While I was searching for a textbook yesterday for one of my college courses, I stumbled upon an old fairy tale book of classic Hans Christian Andersen tales. What I loved the most about this book, other than the fantastic stories of Andersen, were the illustrations that captured the feeling of these stories as well as the period they were written. It was like seeing the mental picture Andersen had in mind while he was writing these tails, considering that his Fairy Tales Told for Children. First Collection. were published between 1835-1837. The illustrations were made by Michael Fiodorov:
I tried to find out more about the illustrator, Michael Fiodorov, but the only thing I could discover was his list of works in Goodreads.
Nevertheless, Fiodorov’s work inspired me to search more about children book illustrators and I selectively chose three women artists whose designs imprint this sentimentality of the old years I’m looking for. By the way, the artists just happened to be women, I chose three old children’s books and they, in turn, re-directed me to the wonderful worlds of these illustrators we are about to examine.
Jessie Willcox Smith
It was this little picture that helped me discover Smith. While I was reading about the history of children’s books illustration, this little girl reminded of me. And along with this click, not only the image came out but also the entire imaginary world of Jessie Willcox Smith:
Smith is considered to be one of the greatest illustrators for children’s books. During her lifespan, she also designed magazine covers – she painted hundreds of covers for Good housekeeping Magazine, worked for Scribner’s Magazine, Ladies Home Journal and others and sketched advertisements for companies like Kodak and Ivory Soap.
Some heart-melting covers of Good Housekeeping magazine illustrated by Smith:
And some examples of her advertising work:
Smith never had children of her own. However, she managed to capture evidently this sensitivity and carelessness that characterize young age as well as the love of a parent towards a child.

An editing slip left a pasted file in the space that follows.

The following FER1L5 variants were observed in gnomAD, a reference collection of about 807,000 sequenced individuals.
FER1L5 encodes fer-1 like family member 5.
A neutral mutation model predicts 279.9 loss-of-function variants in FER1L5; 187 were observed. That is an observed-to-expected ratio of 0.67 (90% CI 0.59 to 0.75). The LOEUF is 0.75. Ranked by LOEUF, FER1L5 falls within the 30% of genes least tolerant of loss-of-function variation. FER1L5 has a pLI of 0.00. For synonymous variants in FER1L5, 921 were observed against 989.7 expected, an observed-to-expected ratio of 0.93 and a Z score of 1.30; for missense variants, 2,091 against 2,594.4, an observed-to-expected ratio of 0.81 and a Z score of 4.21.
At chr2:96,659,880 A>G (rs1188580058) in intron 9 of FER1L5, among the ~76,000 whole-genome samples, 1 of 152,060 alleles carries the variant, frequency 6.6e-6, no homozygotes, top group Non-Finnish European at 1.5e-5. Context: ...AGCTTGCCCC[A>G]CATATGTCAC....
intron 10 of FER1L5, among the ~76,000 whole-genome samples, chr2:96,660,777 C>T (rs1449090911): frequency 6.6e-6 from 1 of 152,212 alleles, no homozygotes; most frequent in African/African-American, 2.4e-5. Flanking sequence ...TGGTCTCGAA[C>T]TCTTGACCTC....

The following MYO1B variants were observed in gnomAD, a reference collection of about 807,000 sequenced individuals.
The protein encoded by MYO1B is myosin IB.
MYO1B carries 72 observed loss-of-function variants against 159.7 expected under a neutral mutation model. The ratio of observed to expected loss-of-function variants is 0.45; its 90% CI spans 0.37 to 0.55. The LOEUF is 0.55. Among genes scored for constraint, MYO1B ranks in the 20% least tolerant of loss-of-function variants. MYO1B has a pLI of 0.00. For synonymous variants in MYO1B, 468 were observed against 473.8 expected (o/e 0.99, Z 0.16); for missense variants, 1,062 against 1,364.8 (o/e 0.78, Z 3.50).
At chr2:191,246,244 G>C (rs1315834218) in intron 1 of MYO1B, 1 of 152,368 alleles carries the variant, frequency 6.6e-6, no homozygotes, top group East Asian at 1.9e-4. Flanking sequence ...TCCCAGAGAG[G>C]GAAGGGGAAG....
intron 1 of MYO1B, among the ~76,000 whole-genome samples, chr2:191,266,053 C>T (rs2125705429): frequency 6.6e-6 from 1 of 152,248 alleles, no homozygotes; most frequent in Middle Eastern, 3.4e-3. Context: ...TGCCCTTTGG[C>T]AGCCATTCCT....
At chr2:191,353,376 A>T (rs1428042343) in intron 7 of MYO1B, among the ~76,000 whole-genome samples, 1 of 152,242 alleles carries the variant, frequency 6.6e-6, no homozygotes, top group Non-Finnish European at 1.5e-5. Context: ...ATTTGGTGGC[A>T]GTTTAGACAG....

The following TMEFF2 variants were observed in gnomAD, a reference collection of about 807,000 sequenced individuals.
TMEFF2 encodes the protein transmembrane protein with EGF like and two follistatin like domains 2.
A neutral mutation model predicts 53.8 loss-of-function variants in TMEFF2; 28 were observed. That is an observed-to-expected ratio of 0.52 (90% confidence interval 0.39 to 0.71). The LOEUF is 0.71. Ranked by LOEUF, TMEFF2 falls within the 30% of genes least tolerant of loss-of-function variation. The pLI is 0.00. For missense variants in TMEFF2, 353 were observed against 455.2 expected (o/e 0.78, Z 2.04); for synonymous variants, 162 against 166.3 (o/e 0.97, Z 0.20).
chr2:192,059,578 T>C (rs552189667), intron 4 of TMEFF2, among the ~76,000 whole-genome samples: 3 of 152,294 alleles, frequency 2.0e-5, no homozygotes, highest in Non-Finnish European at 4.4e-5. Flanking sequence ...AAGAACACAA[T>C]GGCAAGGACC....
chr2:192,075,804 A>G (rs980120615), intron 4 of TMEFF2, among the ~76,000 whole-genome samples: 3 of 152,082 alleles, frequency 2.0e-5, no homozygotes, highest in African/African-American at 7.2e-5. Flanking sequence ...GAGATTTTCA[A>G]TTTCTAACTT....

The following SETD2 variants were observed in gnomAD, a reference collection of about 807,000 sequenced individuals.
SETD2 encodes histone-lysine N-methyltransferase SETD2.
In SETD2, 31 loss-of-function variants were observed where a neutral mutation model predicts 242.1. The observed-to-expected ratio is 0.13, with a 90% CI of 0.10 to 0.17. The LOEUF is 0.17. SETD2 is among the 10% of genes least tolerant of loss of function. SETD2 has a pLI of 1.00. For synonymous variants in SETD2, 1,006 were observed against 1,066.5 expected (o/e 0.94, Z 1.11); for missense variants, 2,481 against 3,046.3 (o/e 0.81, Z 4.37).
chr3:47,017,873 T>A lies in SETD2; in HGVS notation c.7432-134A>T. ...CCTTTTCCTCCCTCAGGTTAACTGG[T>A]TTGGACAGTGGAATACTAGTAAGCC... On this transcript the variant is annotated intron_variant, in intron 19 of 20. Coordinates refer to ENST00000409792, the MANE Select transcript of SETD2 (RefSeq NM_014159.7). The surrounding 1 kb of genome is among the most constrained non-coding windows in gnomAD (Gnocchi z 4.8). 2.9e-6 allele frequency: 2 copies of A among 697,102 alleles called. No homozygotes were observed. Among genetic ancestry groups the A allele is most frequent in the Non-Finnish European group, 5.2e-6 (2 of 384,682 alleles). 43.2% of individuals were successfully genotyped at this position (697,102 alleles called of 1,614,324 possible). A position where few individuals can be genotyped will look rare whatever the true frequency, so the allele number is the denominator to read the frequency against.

Helen Beatrix Potter was an English author and illustrator, mainly drawing her love for animals and nature. She was raised isolated from other children having little interaction with her parents and, as a result, she started drawing in order to cope with her loneliness. Potter started her professional career by creating greeting cards for Hildesheimer & Faulkner publications. At the same time, she was exchanging picture letters with the children of one of the former governesses who educated her, Annie Carter Moore. Carter’s eldest son, Noel, had scarlet fever and Potter, in order to help him feel better, came up with a little tale:
Thus, The Tale of Peter Rabbit was born, one of the best children’s book of all time, that has sold over 40 million copies and it has been translated in 36 languages.
The success of the book spawned a series of tales, written and illustrated by Potter. These are also known as The 23 tales of Beatrix Potter.
Her Tales were adapted in the 1971 ballet film The Tales of Beatrix Potter, featuring dancers from the Royal Ballet of London as well as her life was made into a feature film with Renée Zellweger portraying Miss Potter.
Tasha Tudor was a beloved American illustrator and writer. She authored and designed the images of many books, like Pumpkin Moonshine (1938), Edgar Allan Crow (1953), A Time to Keep (1977) and Corgiville Fair (1971) plus illustrated famous Andersen’s tales, The Secret Garden authored by Frances Hodgson Burnett (1962) and stories from Mother Goose for which she received the Caldecott Medal – an award granted to the best American picture books. Tudor’s work also includes New England nostalgic scenes, primarily shown on the Christmas cards she made:
Tudor’s love pictures, though, are my favorite ♥
Do you have any favorite illustrators? Or any childhood fairytale books that you loved the pictures? Leave me a comment 🙂